Historicizing the media eﬀects debate
MetadataShow full item record
Cronin, T. (2014) Historicizing the media effects debate. In: Conboy, M. & Steel, J. (eds.) The Routledge companion to British media history. London: Routledge, pp. 85-99.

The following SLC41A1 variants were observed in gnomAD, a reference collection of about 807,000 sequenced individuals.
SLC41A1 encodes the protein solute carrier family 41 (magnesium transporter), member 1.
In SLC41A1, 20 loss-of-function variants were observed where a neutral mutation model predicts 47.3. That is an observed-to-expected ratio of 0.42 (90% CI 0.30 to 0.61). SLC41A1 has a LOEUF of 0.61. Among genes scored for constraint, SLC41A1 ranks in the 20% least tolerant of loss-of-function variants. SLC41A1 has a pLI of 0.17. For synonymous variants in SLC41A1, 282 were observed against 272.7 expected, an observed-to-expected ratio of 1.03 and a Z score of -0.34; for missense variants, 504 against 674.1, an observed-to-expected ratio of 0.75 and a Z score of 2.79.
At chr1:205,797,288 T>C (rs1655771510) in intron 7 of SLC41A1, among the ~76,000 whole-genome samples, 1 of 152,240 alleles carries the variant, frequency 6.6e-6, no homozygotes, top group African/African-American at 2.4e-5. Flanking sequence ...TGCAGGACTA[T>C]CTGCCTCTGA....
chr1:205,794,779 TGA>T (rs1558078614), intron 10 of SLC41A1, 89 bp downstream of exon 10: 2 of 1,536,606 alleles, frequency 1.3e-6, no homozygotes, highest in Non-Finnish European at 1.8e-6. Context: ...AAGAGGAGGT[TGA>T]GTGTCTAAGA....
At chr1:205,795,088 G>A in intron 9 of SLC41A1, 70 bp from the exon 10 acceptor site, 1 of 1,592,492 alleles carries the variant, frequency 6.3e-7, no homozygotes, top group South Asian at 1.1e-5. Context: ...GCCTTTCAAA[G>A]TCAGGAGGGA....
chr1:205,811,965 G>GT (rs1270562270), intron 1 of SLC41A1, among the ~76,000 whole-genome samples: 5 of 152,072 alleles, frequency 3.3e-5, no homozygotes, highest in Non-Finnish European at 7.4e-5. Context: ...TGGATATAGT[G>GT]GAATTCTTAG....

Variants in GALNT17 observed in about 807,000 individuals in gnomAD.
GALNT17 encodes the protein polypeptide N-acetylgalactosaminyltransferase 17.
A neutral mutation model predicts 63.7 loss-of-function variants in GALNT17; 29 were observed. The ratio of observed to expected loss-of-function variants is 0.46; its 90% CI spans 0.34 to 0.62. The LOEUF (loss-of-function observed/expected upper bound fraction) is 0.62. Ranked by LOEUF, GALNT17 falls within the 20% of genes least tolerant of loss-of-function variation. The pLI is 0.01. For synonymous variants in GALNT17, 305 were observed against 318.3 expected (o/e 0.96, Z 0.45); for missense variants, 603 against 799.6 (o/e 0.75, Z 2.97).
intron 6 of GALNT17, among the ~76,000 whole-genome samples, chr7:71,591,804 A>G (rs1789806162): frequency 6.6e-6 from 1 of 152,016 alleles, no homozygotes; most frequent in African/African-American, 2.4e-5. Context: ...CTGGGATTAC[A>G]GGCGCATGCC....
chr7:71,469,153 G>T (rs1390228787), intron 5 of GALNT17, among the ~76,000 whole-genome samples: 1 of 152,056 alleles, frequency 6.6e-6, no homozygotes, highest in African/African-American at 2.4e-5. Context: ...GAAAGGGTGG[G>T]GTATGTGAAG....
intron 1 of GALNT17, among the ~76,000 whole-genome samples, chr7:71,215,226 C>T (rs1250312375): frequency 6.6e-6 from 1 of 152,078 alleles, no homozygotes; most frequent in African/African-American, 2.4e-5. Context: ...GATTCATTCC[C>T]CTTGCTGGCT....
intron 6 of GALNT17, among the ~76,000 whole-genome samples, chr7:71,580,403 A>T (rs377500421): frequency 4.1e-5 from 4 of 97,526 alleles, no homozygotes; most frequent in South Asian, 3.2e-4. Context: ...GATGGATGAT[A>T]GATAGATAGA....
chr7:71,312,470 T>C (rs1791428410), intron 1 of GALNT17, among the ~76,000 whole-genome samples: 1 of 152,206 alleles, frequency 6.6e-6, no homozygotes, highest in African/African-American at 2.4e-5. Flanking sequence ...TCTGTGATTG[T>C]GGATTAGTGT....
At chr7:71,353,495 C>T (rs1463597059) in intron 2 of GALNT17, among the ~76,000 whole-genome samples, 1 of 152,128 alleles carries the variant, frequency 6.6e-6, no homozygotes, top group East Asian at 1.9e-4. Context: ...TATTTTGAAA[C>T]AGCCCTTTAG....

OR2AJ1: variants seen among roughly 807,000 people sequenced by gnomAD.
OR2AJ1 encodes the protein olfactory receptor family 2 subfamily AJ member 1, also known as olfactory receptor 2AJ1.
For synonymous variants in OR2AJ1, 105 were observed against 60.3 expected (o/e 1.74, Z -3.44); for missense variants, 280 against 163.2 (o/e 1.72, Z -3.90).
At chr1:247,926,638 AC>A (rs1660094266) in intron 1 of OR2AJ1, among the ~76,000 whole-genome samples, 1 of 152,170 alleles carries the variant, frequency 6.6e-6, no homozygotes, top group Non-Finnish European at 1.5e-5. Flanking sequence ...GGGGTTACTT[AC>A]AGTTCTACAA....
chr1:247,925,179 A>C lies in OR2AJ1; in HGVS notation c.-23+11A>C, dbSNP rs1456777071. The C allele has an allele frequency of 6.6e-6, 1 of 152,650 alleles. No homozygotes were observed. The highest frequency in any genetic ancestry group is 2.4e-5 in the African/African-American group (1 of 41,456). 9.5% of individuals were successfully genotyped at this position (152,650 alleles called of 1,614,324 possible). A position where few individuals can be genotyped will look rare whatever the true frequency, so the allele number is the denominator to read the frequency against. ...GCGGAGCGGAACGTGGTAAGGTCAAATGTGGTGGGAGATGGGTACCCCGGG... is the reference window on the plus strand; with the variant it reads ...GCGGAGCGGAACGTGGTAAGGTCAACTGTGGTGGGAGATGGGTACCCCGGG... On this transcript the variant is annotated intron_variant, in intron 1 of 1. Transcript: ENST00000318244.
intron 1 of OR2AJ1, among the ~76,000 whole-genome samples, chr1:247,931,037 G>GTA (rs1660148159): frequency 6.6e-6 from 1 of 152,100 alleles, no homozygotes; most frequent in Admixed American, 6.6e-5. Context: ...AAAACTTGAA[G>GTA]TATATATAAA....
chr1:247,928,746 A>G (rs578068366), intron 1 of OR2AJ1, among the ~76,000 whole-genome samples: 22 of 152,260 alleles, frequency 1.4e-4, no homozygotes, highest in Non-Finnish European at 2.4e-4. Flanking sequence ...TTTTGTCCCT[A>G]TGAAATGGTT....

Looking back over the last two centuries it would seem that debates over media eﬀects are inextricable from the rise of mass media. As far back as the 1850s lurid popular ﬁctions, sensationalized newspaper coverage and blood-soaked, spectacular and thrilling entertainments had all found purchase within a growing urban culture. Social commentators of the era saw these ever more sensational popular entertainments as a clear symptom of social and moral decline and argued that such depictions were likely to incite further instances of immorality and crime (Murdock, 2001). However, it was the arrival of cinema that prompted the development of media eﬀects research as we know it today. So while in the early days of cinema public fears circulated around the potential for the darkness of the movie theatre itself to lead to crime and immoral behavior (Currie, 1907; Fosdick, 1911; Kuhn, 1988; Butsch, 2002), and the very real danger presented by the highly inﬂammable ﬁlm stock (Kuhn, 1988; Czitrom, 1992; Merritt, 1976; Vorspan, 2000), these soon gave way to a perception that the ﬁlms themselves might be “injurious to public morality … to encourage or incite to crime, or … lead to disorder” (Kuhn, 1988: 20). Indeed many writers at the time claimed that moviegoers were likely to imitate the crimes they witnessed on screen (Butsch, 2002). For example, Hugo Münsterberg, a professor at Harvard, argued that the intensity with which the plays take hold of the audience cannot remain without social eﬀects … it is evident that such a penetrating inﬂuence must be fraught with dangers. The more vividly the impressions force themselves on the mind the more easily they must become starting points for imitation and other motor responses.